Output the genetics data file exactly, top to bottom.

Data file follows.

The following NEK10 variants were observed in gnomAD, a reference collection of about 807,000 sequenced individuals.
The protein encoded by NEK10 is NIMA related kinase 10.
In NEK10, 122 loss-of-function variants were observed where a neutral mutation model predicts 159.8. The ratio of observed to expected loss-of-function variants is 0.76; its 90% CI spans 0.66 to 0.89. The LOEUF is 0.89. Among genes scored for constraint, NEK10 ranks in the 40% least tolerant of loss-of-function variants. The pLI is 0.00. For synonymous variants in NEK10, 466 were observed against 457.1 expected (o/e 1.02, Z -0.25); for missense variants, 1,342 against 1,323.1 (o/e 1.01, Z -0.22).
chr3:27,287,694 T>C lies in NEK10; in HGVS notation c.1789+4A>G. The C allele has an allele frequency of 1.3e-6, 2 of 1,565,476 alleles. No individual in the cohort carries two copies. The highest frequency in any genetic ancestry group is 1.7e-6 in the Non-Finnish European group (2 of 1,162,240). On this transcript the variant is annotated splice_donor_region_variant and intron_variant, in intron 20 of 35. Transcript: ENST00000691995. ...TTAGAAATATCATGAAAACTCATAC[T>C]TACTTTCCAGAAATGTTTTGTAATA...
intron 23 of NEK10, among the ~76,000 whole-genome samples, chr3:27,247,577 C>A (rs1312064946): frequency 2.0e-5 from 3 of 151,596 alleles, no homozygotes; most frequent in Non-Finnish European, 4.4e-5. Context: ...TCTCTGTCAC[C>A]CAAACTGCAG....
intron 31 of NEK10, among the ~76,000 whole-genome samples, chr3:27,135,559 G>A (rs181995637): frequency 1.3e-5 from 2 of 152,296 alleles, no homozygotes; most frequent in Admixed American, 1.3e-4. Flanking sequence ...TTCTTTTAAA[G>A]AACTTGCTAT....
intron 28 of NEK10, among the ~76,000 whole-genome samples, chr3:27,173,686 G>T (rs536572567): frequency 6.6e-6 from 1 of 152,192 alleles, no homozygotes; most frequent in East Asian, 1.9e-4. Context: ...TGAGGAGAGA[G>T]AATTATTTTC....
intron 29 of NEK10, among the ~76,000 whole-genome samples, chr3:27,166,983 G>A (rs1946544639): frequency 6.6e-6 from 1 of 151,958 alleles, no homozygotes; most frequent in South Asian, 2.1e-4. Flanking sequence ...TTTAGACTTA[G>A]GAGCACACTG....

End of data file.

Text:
The following NEK10 variants were observed in gnomAD, a reference collection of about 807,000 sequenced individuals.
The protein encoded by NEK10 is NIMA related kinase 10.
In NEK10, 122 loss-of-function variants were observed where a neutral mutation model predicts 159.8. The ratio of observed to expected loss-of-function variants is 0.76; its 90% CI spans 0.66 to 0.89. The LOEUF is 0.89. Among genes scored for constraint, NEK10 ranks in the 40% least tolerant of loss-of-function variants. The pLI is 0.00. For synonymous variants in NEK10, 466 were observed against 457.1 expected (o/e 1.02, Z -0.25); for missense variants, 1,342 against 1,323.1 (o/e 1.01, Z -0.22).
chr3:27,287,694 T>C lies in NEK10; in HGVS notation c.1789+4A>G. The C allele has an allele frequency of 1.3e-6, 2 of 1,565,476 alleles. No individual in the cohort carries two copies. The highest frequency in any genetic ancestry group is 1.7e-6 in the Non-Finnish European group (2 of 1,162,240). On this transcript the variant is annotated splice_donor_region_variant and intron_variant, in intron 20 of 35. Transcript: ENST00000691995. ...TTAGAAATATCATGAAAACTCATAC[T>C]TACTTTCCAGAAATGTTTTGTAATA...
intron 23 of NEK10, among the ~76,000 whole-genome samples, chr3:27,247,577 C>A (rs1312064946): frequency 2.0e-5 from 3 of 151,596 alleles, no homozygotes; most frequent in Non-Finnish European, 4.4e-5. Context: ...TCTCTGTCAC[C>A]CAAACTGCAG....
intron 31 of NEK10, among the ~76,000 whole-genome samples, chr3:27,135,559 G>A (rs181995637): frequency 1.3e-5 from 2 of 152,296 alleles, no homozygotes; most frequent in Admixed American, 1.3e-4. Flanking sequence ...TTCTTTTAAA[G>A]AACTTGCTAT....
intron 28 of NEK10, among the ~76,000 whole-genome samples, chr3:27,173,686 G>T (rs536572567): frequency 6.6e-6 from 1 of 152,192 alleles, no homozygotes; most frequent in East Asian, 1.9e-4. Context: ...TGAGGAGAGA[G>T]AATTATTTTC....
intron 29 of NEK10, among the ~76,000 whole-genome samples, chr3:27,166,983 G>A (rs1946544639): frequency 6.6e-6 from 1 of 151,958 alleles, no homozygotes; most frequent in South Asian, 2.1e-4. Flanking sequence ...TTTAGACTTA[G>A]GAGCACACTG....